Every entrepreneur’s dream is to start a successful business. However, as it emerges almost 90 per cent of startups fail with nearly 10 per cent of them failing within the first year.
Failure is most common for startups during years two through five, with 70 per cent of the start-ups falling into this category across all industries.
According to Joram Mwinamo the Chief Executive Officer – SNDBX this is global phenomenon that cuts across. He also notes that a majority of the start-ups fail because the solution they intend to bring to the market may not necessarily have enough demand.
Workers at a Nairobi- based textile factory.
“People come up with ideas that may not necessarily have demand like the target market may not exist or the problem may not be big enough to create a target market that can sustain a business that’s being set up,” he intimated.
Victor Ogolla, the Managing Director Viffa Consults, however notes that the cost of registration of companies also eat into the capital that regular start-ups may have. He further cites the copy and paste mentality is another factor that entrepreneurs need to work on.
“One of the things you also notice with Kenyans, a majority of business in Kenya are dealing in wholesale retail, meaning that a lot of us buy to resale. There is very little emphasis on manufacturing, agriculture etc so market becomes a real problem, because we are competing for the same market.”
Financing models in Kenya are also said to be unsuitable to finance start-up insisting that the money issued may not be sufficient.
“We currently do not have suitable financing model. Majorly the only source of financing that can be able to help you a lot with value is banks because you can go get a long term loan, but with that lacking you have to rely on either your saving or profit, chama sacco etc or even mobile credit but you see the nature of those kind of financing is they are small ticket size,” he added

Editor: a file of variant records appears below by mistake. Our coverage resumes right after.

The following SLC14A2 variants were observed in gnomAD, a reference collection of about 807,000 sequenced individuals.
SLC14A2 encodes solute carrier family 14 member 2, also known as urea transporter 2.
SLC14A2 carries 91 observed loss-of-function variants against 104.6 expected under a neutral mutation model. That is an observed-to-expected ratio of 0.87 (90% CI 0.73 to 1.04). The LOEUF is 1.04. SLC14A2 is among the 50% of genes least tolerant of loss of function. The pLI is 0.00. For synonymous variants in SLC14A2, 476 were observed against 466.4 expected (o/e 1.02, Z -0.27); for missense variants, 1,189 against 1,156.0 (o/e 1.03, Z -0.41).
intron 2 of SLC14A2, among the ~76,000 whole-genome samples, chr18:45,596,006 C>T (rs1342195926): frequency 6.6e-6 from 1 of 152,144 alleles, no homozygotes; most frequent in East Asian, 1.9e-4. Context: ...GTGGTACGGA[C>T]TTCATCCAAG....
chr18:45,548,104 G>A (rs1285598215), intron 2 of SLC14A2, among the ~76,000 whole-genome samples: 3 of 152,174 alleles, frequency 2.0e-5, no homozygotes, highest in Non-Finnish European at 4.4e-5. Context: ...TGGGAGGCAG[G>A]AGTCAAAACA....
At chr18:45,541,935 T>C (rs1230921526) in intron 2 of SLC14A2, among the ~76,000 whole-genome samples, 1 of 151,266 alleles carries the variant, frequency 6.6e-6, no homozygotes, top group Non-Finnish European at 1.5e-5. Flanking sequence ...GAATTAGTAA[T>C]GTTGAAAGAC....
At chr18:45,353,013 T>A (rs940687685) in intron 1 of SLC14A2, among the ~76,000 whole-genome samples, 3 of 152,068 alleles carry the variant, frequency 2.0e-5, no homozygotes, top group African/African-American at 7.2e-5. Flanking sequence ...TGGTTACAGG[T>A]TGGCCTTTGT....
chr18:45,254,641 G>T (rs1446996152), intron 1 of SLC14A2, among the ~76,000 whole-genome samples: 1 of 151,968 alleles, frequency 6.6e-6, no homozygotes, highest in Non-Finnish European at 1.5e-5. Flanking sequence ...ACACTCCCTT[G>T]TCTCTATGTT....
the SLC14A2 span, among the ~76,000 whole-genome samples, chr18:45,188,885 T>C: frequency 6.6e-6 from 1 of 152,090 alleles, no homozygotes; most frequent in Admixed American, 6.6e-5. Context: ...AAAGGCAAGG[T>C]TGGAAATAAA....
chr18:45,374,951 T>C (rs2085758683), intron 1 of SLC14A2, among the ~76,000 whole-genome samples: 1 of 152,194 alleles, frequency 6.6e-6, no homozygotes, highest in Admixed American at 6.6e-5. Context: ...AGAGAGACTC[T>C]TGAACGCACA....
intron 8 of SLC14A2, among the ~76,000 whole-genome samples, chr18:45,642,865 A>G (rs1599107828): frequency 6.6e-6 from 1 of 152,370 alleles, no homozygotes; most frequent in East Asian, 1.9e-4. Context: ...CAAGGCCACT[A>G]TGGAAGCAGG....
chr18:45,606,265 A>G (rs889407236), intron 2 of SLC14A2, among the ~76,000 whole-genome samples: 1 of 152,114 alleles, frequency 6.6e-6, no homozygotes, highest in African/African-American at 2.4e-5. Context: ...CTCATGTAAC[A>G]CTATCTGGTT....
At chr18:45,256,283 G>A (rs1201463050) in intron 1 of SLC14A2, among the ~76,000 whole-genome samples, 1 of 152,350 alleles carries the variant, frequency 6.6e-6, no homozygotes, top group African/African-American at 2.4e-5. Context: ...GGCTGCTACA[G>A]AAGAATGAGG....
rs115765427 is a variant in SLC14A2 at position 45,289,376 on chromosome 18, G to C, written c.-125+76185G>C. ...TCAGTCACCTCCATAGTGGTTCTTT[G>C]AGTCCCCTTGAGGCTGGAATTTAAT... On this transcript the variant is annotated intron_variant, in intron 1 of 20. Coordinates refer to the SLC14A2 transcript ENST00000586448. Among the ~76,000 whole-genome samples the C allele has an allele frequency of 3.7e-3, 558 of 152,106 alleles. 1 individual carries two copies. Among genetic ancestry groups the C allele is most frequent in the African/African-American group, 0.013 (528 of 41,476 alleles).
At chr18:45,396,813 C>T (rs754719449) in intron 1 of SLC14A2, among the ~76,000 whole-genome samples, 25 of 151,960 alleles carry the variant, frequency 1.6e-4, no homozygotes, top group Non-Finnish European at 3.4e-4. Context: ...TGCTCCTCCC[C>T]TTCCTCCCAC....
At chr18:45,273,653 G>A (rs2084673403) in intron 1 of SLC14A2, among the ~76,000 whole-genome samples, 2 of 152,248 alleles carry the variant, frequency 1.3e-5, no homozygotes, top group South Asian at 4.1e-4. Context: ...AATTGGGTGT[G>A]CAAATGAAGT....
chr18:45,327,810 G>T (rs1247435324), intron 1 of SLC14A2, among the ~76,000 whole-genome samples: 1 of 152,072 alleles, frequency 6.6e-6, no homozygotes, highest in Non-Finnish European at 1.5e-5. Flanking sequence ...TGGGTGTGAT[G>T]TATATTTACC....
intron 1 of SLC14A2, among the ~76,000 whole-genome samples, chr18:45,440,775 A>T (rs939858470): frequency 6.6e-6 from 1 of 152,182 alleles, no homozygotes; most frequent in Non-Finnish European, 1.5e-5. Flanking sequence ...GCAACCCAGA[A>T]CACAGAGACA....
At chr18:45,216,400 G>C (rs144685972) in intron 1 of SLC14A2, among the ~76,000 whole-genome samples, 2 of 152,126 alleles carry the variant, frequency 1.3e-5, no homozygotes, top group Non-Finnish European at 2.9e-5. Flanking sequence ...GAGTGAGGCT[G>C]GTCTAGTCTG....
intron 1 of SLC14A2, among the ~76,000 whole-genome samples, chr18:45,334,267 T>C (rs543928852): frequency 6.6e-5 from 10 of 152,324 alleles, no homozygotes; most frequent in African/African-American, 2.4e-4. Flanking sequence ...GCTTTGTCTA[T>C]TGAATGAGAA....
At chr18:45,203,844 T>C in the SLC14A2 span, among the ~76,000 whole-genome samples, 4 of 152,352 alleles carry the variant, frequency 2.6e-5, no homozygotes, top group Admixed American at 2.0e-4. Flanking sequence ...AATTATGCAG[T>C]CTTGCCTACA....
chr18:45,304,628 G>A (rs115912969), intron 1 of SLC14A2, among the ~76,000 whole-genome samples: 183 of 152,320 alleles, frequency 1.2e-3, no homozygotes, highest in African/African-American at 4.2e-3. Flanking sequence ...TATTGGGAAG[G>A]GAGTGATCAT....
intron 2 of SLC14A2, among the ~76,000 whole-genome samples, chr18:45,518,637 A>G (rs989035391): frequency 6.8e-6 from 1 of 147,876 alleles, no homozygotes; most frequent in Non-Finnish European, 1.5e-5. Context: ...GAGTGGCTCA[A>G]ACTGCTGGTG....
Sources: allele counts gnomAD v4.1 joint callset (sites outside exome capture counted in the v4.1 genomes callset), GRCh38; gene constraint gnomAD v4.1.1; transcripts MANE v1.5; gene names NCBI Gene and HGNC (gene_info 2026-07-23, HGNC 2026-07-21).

The turnaround period may also be one of the other factor why businesses fail which he says should be considered when coming up with a business idea.
“Businesses take time to catch on and a lot of people do not have the resilience to wait that long until the business catches on,” he told Kenyans.co.ke in a phone interview.
Business and management skill have also been cited as other reason that start-ups fail with the experts citing that most start-ups will hire depending on their budget and not necessarily based on the requires expertise.
Mwinamo also urged starts-ups to seek and have mentors to help them navigate, “mentors come in handy, somebody who has been in your industry could be retired or they are older and have gone through the issues in your industry so somebody preferably and entrepreneur themselves as well and can share their experience as well may help you think through the different aspects of the business.
Startups and MSMEs are among the biggest employers of Kenya’s work force after the informal sector which employs up to 80 per cent of Kenya’s population
An undated photo of workers plucking tea in Kericho.